Celebrating Tu BiShvat, the New Year of the Trees, in a New England winter is a bold act of faith. Rabbi Jen Gubitz and Rav-Hazzan Aliza Berger will rejoice in our beautiful trees and the natural world with a Tu BiShvat sing-along during Havdalah on Saturday, Jan. 22, at the First Church in Cambridge. The event is the second of a new ongoing monthly series celebrating a Jewish holiday in song and word. Gubitz is a Reform rabbi who works at Temple Shalom of Newton and Modern JewISH Couples, and Berger is the rav-hazzan at the Conservative Temple Emanuel in Newton. The two bring their pastoral experiences to this new intergenerational endeavor.

The two rabbis recently told JewishBoston that they have been dreaming of this spiritual program in word and song for a while. The unique Havdalah program debuted last month at Hanukkah, celebrating the light and miracles of the season. Fifty people, ranging in age from 2 to 90, came together to sing and share food. “It’s a fresh startup kind of energy for all ages,” said Berger. “We’re building a vibrant community that’s somewhat unexpected and has this potential to keep growing.”


Growth is a driving factor in putting together the Havdalah program, and this month, that influence dovetails beautifully with Tu BiShvat’s themes. In the hands of these creative rabbis, Tu BiShvat shines in the middle of snowy and frigid January. Gubitz noted that she is currently cultivating the spirit of Tu BiShvat in her indoor aerogarden. “I really wanted to be a gardener this winter,” she said. “The aerogarden is in a temperature-controlled, highly-lit area. Although the company promised 100% germination with every seed pod, I’m on my third try. It’s a metaphor for January and February in Boston. It feels like nothing is growing but I believe the seeds will grow when they’re ready. I see it as an image of what it means to be a Jew in America who is not in the land of Israel.”

For Berger, who trained as an opera singer before she deployed her immense talent as a rav-hazzan, singing unleashes tremendous growth. She sees the Tu BiShvat holiday as an opportunity to grow voices with familiar tunes and then branch out into learning new songs. “We’re focusing on the language of growth and earth and plants,” she said. “The songs we’ll sing are a mix of popular music, American standards, camp songs, nigunim (wordless melodies) and traditional prayer. We hope this collection of songs will inspire growth in all of our participants. We are experimenting much in the way of the aerogarden—planting seeds and putting love and energy into song to grow something more.”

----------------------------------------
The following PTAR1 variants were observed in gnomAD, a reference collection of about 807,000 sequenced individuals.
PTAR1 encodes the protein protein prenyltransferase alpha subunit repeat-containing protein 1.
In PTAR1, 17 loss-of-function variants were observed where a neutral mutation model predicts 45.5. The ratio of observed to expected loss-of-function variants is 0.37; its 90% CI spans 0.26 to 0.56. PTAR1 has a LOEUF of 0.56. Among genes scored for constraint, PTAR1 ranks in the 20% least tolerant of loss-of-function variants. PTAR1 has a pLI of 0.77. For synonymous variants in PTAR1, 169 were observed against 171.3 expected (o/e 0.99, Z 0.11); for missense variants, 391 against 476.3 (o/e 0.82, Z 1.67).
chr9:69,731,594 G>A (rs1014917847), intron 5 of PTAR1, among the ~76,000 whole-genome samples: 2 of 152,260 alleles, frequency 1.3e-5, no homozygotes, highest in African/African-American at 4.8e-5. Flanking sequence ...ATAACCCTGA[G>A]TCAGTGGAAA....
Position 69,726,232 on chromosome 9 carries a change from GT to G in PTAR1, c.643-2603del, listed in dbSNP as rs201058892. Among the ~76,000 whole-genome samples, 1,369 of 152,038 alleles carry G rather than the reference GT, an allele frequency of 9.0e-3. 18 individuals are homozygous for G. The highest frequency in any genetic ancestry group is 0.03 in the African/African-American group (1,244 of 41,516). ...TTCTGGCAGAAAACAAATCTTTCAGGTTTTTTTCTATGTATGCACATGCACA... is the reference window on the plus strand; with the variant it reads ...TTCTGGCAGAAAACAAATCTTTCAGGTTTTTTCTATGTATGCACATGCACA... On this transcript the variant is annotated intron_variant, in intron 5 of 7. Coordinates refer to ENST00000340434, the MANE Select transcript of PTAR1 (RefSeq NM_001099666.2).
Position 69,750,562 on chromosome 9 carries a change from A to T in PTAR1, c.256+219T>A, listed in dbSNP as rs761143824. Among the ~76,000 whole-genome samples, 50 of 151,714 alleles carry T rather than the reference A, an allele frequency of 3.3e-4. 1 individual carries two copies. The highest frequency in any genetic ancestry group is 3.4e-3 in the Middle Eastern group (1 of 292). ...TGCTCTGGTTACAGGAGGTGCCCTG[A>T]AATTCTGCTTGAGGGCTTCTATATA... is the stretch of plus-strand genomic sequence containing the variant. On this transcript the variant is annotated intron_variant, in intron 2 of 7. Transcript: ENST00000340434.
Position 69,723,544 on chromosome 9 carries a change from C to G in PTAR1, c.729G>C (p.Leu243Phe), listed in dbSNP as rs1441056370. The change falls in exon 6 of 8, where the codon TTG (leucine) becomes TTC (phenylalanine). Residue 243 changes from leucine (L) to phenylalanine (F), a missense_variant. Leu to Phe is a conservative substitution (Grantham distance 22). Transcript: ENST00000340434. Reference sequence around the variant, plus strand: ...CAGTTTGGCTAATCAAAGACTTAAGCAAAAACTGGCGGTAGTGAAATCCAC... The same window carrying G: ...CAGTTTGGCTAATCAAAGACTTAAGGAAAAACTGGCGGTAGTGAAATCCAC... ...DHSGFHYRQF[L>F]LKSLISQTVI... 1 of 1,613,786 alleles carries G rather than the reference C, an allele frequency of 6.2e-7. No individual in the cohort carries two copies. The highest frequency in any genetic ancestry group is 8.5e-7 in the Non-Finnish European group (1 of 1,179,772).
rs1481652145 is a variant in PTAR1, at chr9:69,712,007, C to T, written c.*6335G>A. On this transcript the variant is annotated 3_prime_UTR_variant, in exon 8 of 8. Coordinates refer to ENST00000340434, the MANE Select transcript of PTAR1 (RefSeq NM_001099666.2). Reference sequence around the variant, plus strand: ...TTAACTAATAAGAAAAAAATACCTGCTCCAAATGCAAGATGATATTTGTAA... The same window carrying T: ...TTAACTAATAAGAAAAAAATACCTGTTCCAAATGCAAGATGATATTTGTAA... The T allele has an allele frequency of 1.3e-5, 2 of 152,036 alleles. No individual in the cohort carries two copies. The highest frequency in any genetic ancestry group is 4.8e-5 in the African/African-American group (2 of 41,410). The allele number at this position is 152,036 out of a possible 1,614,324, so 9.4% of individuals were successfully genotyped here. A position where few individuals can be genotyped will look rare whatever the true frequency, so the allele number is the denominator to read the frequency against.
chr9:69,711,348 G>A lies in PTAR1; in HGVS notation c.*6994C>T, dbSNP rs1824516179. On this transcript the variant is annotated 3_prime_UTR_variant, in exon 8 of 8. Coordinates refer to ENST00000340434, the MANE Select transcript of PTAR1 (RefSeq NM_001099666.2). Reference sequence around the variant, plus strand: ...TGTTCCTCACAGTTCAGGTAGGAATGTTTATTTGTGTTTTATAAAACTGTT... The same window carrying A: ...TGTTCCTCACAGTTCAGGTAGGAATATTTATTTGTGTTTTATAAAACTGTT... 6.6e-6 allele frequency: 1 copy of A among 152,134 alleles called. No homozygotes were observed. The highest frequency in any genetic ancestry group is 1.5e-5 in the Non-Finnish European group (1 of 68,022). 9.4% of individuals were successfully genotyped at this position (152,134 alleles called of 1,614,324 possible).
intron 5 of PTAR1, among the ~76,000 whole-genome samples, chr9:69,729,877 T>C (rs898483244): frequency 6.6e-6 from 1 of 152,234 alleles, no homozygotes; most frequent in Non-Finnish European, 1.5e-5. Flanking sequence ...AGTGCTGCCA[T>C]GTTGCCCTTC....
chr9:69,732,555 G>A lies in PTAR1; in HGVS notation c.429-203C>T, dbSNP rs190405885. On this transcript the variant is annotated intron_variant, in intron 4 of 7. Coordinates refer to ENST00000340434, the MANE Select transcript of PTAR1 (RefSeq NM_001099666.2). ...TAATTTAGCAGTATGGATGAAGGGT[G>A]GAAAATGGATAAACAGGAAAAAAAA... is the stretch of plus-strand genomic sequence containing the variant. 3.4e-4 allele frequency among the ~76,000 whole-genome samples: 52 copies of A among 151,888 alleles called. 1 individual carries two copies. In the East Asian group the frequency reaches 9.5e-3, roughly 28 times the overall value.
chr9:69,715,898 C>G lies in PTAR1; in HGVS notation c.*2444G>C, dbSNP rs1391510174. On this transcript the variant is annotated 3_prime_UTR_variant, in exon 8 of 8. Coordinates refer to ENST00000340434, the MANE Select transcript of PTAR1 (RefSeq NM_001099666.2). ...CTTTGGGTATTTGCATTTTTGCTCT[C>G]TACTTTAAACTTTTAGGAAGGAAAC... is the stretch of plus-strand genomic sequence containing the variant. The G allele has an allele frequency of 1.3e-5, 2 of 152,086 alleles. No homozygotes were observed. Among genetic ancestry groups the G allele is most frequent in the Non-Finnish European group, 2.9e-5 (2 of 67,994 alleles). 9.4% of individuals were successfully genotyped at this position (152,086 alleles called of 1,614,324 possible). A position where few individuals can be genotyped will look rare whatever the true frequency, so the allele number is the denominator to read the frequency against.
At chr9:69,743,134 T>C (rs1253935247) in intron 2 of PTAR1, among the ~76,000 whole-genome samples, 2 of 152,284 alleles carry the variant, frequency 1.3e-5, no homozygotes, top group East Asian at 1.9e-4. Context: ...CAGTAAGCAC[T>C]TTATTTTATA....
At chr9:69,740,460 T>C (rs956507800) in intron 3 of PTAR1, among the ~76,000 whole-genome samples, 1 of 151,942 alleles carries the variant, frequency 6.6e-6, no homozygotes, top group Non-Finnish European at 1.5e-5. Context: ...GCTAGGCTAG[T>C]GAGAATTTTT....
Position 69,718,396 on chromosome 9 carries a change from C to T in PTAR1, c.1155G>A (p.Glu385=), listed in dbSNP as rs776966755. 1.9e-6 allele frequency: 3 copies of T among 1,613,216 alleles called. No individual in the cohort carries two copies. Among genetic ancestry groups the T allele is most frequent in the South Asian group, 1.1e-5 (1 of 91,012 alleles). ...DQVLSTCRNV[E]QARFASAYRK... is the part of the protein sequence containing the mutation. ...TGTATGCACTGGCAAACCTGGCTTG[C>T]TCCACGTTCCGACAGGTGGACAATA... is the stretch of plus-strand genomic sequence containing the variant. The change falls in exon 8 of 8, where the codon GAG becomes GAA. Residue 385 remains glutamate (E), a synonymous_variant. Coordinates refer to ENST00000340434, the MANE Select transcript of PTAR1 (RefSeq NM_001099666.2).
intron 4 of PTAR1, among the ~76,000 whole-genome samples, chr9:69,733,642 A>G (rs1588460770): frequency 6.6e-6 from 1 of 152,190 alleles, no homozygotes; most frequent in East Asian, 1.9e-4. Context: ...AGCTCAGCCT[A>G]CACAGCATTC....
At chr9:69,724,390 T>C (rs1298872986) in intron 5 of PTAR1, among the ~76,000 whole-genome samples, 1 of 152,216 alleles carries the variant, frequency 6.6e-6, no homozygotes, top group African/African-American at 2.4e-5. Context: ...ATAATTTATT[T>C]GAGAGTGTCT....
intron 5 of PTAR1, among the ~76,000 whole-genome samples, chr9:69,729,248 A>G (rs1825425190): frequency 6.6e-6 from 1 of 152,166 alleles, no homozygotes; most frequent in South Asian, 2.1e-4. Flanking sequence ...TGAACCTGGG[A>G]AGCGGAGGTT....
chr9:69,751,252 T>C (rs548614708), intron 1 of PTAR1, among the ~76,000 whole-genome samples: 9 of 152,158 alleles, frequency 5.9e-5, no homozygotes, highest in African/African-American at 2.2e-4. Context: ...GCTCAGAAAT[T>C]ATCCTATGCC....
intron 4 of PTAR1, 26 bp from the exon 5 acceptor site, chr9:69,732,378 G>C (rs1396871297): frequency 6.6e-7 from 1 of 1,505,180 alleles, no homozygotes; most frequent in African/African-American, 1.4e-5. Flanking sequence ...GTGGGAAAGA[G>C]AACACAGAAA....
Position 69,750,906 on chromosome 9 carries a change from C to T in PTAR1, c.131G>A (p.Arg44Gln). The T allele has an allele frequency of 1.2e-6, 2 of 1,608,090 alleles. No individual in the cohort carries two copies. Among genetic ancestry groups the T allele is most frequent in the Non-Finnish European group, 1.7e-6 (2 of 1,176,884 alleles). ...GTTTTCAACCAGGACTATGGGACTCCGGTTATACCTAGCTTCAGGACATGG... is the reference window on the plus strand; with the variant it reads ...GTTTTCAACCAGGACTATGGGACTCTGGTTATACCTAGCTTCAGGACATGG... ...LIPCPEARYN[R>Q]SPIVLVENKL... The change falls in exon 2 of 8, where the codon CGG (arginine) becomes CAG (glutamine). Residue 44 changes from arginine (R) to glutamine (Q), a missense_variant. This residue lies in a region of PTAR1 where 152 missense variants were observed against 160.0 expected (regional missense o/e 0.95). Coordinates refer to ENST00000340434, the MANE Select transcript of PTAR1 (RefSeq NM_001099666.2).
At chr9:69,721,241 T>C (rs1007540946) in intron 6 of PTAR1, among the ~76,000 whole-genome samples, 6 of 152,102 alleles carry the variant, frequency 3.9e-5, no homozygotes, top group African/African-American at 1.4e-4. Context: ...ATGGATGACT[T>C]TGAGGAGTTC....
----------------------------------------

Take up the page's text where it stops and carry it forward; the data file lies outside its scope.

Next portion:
Aliza Berger
Rav Hazzan Aliza Berger (Courtesy photo)

No sing-along organized by two dynamic rabbis is complete without featuring words of Torah. Last month Gubitz taught a midrash about the first sunset that brought together Adam and Eve and the Flintstones. Adam and Eve experienced all that is new in the world, including the first sunset. In the midrash, the rabbis of the Talmud claim the words of Havdalah are written on the first couples’ hands. They further supply them with a candle to navigate the transitional moment commemorated in Havdalah. Gubitz noted that “the rabbis further instructed that you can look up at the stars if you don’t have a candle. If you can’t see the stars, you can literally use two stones and strike them together. You can create light in many ways. I joke that the translation actually calls them ‘Flintstones,’ and I thought, ‘It’s Fred!’”

Gubitz and Berger described their program unfolding in three phases. The first is the seed of an idea, which corresponds to kavanah, or the intention of the program. Each month there is a new theme to cultivate with music and teachings bringing it to life. Then there’s the blossoming, which both rabbis see in community-building. They are also the symbolic blossoms that participants take from the experience to affect their lives positively and inspire future growth.

Rabbi Jen Gubitz
Rabbi Jen Gubitz (Courtesy photo)

Berger pointed out that Tu BiShvat observance features a seder that brings together four separate worlds. Berger and Gubitz explained that the four kabbalistic worlds of the seder focus on the physical, the emotional, the cognitive and the spiritual. Certain foods are associated with each world and drive people to explore their inner and outer selves. “We have these different frameworks for self-evaluation,” said Berger. “But it also works for community connection. You want to make sure that your physical needs are met and that you are nourished emotionally so that it brings you to the next level.”

Since trees are the mainstay of the Tu BiShvat holiday, a bit of Googling about trees yielded facts augmenting their beauty and wisdom. Trees, it turns out, have an afterlife. When a tree dies, the living trees near them drive water through the stump to keep it alive. While the dead tree will never green again or make cones or seeds or pollen, it will remain alive to some degree. Under the ground, trees are intimately connected as they share nutrients between them. Ecologists call this phenomenon “the wood-wide web.” Roots graft directly onto one another. It remains a mystery as to why this happens, but researchers posit that these natural grafts stabilize trees and allow them to share resources during difficult times. It is nature’s ultimate example of community-building.

“On Tu BiShvat, we’re putting our faith in the natural world that will eventually grow around us and placing our faith in this community that we have been dreaming about,” said Berger. Added Gubitz, “We face hope and uncertainty together.”